24. Loganathan K, Velmurugan B, Hongray HJ, Selvanayagam M, Patnaaik BB: Zinc induced histological changes in brain and liver of Labeo rohita (Ham). J Environ Biol 2006, 27: 107–110.

  25. Merian E: Metals and their Compounds in the Environment. Occurrence, Analysis and Biological Relevance. Weinheim: VCH; 1991.

  26. Mohanty M, Adhikari S, Mohanty P, Sarangi N: Effect of waterborne zinc on survival, growth, and feed intake of Indian major carp, Cirrhinus mrigala (Hamilton). Water Air Soil Poll 2009, 201: 3–7.

  27. Palaniappan PLRM, Nishanth T, Renju VB: Bioconcentration of zinc and its effect on the biochemical constituents of the gill tissues of Labeo rohita : An FT-IR study. Infrared Phys Technol 2010, 53: 103–111.

  28. Rajamanickam V, Muthuswamy N: Effect of heavy metals induced toxicity on metabolic biomarkers in common carp ( Cyprinus Carpio L.). Maejo Intern J Sci Technol 2008, 2: 192–200.

  29. Reid SG, Bernier NJ, Perry SF: The adrenergic stress response in fish: control of catecholamine storage and release. Comp Biochem Physiol C 1998, 120: 1–27.

  30. Reitman S, Frankel S: Colorimetric determination of glutamic oxaloacetic and glutamic pyruvic transaminases. Amer J Clin Pathol 1957, 28: 53–56.

  31. Senthil Murugan S, Karuppasamy R, Poongodi K, Puvaneswari S: Bioaccumulation pattern of zinc in freshwater fish Channa punctatus (Bloch.) after chronic exposure. Turk J Fish Aquat Sci 2008, 8: 55–59.

  32. Shukla JP, Pandey K: Effect of a sublethal concentration of zinc sulphate on the growth rate of fingerlings of Channa punctatus (Bloch), a freshwater murrel. Acta Hydrochim Hydrobiol 1986, 14: 677–680.

  33. Shukla V, Dhankhar M, Prakash J, Sastry KV: Bioaccumulation of Zn, Cu and Cd in Channa punctatus . J Environ Biol 2007, 28: 395–397.

  34. Srivastava N: Toxicity of zinc to fish: A review. In Toxicology the science of poisons. Edited by: Dwivedi SC, Dwivedi N. Jaipur: Aavishkar Publishers; 2007:262–269.

  35. Takahashi H, French SM, Wong PTT: Alterations in hepatic lipids and proteins by chronic ethanol intake: a high-pressure Fourier transforms infrared spectroscopic study on alcoholic liver disease in the rat. Clin Experim Res 1991, 15: 219–223.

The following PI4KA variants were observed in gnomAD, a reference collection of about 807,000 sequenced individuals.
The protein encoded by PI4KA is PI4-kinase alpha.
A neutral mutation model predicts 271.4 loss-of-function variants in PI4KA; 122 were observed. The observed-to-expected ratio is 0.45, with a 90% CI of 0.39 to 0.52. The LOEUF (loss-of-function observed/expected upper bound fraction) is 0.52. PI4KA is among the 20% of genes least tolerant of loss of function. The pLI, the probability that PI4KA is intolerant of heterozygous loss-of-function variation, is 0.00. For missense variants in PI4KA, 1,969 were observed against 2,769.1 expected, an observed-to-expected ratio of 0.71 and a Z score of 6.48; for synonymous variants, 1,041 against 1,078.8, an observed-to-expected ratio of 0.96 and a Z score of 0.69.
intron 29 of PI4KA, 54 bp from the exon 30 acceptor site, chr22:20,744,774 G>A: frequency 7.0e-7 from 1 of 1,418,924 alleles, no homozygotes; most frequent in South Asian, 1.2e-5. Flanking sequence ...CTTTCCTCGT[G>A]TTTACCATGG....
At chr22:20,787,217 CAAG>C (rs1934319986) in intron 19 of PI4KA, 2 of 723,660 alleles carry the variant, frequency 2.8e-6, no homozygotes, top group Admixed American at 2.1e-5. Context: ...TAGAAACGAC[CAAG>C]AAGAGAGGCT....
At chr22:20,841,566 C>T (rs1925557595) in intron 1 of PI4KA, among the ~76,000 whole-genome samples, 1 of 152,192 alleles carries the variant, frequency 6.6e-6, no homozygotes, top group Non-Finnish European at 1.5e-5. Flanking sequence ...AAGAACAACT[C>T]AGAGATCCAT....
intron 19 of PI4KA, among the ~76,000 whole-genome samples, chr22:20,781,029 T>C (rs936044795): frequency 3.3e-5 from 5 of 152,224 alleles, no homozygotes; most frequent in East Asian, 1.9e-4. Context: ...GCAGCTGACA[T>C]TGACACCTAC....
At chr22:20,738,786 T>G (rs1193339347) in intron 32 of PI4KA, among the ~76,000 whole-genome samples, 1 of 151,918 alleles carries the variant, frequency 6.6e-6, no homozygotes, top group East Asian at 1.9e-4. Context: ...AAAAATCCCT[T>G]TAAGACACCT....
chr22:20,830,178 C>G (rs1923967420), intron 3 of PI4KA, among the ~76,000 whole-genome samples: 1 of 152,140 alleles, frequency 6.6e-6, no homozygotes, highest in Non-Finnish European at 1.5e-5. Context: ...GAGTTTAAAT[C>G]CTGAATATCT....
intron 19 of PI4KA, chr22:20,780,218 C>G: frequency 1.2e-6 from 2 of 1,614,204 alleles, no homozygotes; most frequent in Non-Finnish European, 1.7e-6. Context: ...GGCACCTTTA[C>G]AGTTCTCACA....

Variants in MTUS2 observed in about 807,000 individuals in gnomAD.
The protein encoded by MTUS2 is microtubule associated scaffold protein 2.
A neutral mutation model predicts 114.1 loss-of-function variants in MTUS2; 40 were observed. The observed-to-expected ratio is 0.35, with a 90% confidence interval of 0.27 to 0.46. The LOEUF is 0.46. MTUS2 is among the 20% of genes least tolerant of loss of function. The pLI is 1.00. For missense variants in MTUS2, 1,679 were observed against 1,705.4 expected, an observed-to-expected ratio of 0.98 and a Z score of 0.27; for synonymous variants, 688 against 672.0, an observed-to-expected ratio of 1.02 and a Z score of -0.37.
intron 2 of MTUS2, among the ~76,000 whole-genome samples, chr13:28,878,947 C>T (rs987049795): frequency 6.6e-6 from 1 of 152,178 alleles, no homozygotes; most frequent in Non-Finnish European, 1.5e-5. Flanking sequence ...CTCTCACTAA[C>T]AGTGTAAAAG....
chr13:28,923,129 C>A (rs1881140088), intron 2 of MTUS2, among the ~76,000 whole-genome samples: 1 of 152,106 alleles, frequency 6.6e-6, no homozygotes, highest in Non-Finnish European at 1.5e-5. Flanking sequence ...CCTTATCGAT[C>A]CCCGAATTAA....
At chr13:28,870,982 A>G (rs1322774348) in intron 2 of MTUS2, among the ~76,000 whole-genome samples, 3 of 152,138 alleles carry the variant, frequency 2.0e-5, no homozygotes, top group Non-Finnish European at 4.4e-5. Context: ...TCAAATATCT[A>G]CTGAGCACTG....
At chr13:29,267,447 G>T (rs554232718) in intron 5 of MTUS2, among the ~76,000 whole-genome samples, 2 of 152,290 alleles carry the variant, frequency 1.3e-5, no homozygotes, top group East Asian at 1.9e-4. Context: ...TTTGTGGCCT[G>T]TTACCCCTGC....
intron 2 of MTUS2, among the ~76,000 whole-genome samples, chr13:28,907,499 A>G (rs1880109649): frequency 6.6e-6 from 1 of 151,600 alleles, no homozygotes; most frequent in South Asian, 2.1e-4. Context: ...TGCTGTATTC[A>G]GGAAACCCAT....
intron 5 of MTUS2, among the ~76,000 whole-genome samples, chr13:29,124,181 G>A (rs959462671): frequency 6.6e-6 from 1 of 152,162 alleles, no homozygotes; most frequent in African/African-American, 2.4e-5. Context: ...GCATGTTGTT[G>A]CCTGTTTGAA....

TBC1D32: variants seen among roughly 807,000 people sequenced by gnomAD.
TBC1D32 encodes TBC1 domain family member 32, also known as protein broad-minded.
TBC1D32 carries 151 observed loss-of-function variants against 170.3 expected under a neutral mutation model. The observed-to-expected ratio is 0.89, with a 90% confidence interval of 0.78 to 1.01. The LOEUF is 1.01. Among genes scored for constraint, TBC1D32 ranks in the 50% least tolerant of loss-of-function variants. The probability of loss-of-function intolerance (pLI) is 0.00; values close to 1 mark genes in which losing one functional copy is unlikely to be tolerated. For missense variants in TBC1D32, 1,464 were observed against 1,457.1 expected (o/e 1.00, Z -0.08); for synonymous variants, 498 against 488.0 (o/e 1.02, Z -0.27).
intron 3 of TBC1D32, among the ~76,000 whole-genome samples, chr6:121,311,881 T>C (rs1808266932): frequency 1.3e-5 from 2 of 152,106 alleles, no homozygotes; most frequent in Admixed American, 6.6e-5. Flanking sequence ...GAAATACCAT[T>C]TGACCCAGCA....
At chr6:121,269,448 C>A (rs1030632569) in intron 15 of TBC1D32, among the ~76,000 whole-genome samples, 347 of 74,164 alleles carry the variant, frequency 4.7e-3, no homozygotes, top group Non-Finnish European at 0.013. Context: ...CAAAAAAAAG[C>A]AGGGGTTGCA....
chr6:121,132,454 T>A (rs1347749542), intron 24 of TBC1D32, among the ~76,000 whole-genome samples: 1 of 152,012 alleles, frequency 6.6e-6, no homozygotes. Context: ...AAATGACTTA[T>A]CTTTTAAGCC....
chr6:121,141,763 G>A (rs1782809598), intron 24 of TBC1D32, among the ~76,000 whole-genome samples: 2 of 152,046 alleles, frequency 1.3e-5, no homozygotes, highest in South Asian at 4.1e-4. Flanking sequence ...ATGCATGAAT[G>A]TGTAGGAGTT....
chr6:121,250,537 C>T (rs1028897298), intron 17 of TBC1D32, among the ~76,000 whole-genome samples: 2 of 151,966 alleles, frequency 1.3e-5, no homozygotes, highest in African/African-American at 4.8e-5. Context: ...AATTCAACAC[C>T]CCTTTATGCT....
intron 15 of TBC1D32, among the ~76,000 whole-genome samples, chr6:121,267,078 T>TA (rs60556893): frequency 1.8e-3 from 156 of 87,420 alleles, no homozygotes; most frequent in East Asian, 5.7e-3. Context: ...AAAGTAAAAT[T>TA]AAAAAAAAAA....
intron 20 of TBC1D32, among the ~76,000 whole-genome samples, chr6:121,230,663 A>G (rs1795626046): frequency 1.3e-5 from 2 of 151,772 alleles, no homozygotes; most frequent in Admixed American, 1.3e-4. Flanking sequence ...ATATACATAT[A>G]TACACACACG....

36. Tapia M, Zambrano L: From aquaculture goals to real social and ecological impacts: carp introduction in rural central Mexico. Ambio 2003, 32: 252–257.

  37. Trinder P: Determination of glucose concentration in the blood. Ann Clin Biochem 1969, 6: 24.

  38. van der Oost R, Beyer J, Vermeulen NPE: Fish bioaccumulation and biomarkers in environmental risk assessment: a review. Environ Toxicol Pharmacol 2003, 13: 57–149.

  39. Vijayan MM, Pereira C, Grau EG, Iwama GK: Metabolic responses associated with confinement stress in tilapia: the role of cortisol. Comp Biochem Physiol C 1997, 116: 89–95.

  40. Watanabe T, Kiron V, Satoh S: Trace minerals in fish nutrition. Aquacult 1997, 151: 185–207.

  41. Wendelaar Bonga SE: The stress response in fish. Physiol Rev 1997, 7: 591–625.

  42. Woodling J, Brinkman S, Albeke S: Acute and chronic toxicity of zinc to the mottled sculpin Cottus bairdi . Environ Toxicol Chem 2002, 21: 1922–1926.

  43. Zaghloul KH: Usage zinc and calcium inhibiting the toxicity effect of copper on the African catfish (Clarias gariepinus). 11th Inter. Conf. of Egypt. Ge. Soc. Zool., 24–28 February 2001. Aswan: South Valley University; 2001:1110–5348.

Download references

Author information

Correspondence to Mohsen Abdel-Tawwab.

Additional information

Competing Interests

All authors declare that they have no competing interests.

Authors’ contributions

M Abdel-Tawwab: designed this study, did the statistical analysis, write the article and submitted to IAR. MNM Mosaad: designed this study and revised the written article. KM Sharafeldin: did the biochemical analyses. NEM Ismaiel: did the experiment running. All authors read and approved the final manuscript.

Rights and permissions

Open Access This article is distributed under the terms of the Creative Commons Attribution 2.0 International License (, which permits unrestricted use, distribution, and reproduction in any medium, provided the original work is properly cited.

Reprints and Permissions

About this article

Cite this article

Abdel-Tawwab, M., Mousaad, M.N., Sharafeldin, K.M. et al. Changes in growth and biochemical status of common carp, Cyprinus carpio L. exposed to water-born zinc toxicity for different periods. Int Aquat Res 5, 11 (2013).

Download citation


  • Common carp
  • Zinc toxicity
  • Biochemical alteration
  • Zinc residue